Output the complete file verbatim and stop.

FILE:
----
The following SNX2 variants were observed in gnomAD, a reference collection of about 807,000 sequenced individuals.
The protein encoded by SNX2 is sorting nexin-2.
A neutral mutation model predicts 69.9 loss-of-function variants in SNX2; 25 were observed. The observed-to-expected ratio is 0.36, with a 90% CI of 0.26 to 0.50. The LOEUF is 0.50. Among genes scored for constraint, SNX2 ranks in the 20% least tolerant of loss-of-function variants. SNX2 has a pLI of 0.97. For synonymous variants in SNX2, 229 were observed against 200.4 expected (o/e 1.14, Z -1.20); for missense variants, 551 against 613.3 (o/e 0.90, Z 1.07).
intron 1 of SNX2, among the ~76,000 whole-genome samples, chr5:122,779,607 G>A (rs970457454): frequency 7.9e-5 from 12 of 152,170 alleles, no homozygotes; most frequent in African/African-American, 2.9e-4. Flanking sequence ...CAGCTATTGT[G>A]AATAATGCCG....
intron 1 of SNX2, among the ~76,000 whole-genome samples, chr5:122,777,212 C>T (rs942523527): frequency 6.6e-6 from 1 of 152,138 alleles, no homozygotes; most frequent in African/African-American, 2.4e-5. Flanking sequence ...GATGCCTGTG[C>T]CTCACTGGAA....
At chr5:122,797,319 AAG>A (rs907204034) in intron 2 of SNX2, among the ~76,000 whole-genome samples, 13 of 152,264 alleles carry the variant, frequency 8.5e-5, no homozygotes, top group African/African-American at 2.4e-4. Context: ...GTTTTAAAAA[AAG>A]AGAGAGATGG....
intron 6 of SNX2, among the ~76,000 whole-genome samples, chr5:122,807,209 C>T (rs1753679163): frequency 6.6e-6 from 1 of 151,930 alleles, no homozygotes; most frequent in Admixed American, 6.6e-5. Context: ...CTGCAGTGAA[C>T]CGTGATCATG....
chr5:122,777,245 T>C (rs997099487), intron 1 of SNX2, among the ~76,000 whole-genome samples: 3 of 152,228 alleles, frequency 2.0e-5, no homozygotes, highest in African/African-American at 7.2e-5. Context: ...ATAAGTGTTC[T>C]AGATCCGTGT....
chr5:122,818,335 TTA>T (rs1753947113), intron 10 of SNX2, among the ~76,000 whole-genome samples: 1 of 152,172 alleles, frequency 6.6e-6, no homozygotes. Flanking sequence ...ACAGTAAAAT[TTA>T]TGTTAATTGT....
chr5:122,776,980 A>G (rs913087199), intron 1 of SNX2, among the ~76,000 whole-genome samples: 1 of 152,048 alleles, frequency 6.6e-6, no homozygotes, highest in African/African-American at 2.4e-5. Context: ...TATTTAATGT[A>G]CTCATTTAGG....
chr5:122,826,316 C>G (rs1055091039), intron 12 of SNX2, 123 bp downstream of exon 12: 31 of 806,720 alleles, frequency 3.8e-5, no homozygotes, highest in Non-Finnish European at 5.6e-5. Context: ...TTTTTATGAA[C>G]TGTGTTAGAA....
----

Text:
The following SNX2 variants were observed in gnomAD, a reference collection of about 807,000 sequenced individuals.
The protein encoded by SNX2 is sorting nexin-2.
A neutral mutation model predicts 69.9 loss-of-function variants in SNX2; 25 were observed. The observed-to-expected ratio is 0.36, with a 90% CI of 0.26 to 0.50. The LOEUF is 0.50. Among genes scored for constraint, SNX2 ranks in the 20% least tolerant of loss-of-function variants. SNX2 has a pLI of 0.97. For synonymous variants in SNX2, 229 were observed against 200.4 expected (o/e 1.14, Z -1.20); for missense variants, 551 against 613.3 (o/e 0.90, Z 1.07).
intron 1 of SNX2, among the ~76,000 whole-genome samples, chr5:122,779,607 G>A (rs970457454): frequency 7.9e-5 from 12 of 152,170 alleles, no homozygotes; most frequent in African/African-American, 2.9e-4. Flanking sequence ...CAGCTATTGT[G>A]AATAATGCCG....
intron 1 of SNX2, among the ~76,000 whole-genome samples, chr5:122,777,212 C>T (rs942523527): frequency 6.6e-6 from 1 of 152,138 alleles, no homozygotes; most frequent in African/African-American, 2.4e-5. Flanking sequence ...GATGCCTGTG[C>T]CTCACTGGAA....
At chr5:122,797,319 AAG>A (rs907204034) in intron 2 of SNX2, among the ~76,000 whole-genome samples, 13 of 152,264 alleles carry the variant, frequency 8.5e-5, no homozygotes, top group African/African-American at 2.4e-4. Context: ...GTTTTAAAAA[AAG>A]AGAGAGATGG....
intron 6 of SNX2, among the ~76,000 whole-genome samples, chr5:122,807,209 C>T (rs1753679163): frequency 6.6e-6 from 1 of 151,930 alleles, no homozygotes; most frequent in Admixed American, 6.6e-5. Context: ...CTGCAGTGAA[C>T]CGTGATCATG....
chr5:122,777,245 T>C (rs997099487), intron 1 of SNX2, among the ~76,000 whole-genome samples: 3 of 152,228 alleles, frequency 2.0e-5, no homozygotes, highest in African/African-American at 7.2e-5. Context: ...ATAAGTGTTC[T>C]AGATCCGTGT....
chr5:122,818,335 TTA>T (rs1753947113), intron 10 of SNX2, among the ~76,000 whole-genome samples: 1 of 152,172 alleles, frequency 6.6e-6, no homozygotes. Flanking sequence ...ACAGTAAAAT[TTA>T]TGTTAATTGT....
chr5:122,776,980 A>G (rs913087199), intron 1 of SNX2, among the ~76,000 whole-genome samples: 1 of 152,048 alleles, frequency 6.6e-6, no homozygotes, highest in African/African-American at 2.4e-5. Context: ...TATTTAATGT[A>G]CTCATTTAGG....
chr5:122,826,316 C>G (rs1055091039), intron 12 of SNX2, 123 bp downstream of exon 12: 31 of 806,720 alleles, frequency 3.8e-5, no homozygotes, highest in Non-Finnish European at 5.6e-5. Context: ...TTTTTATGAA[C>G]TGTGTTAGAA....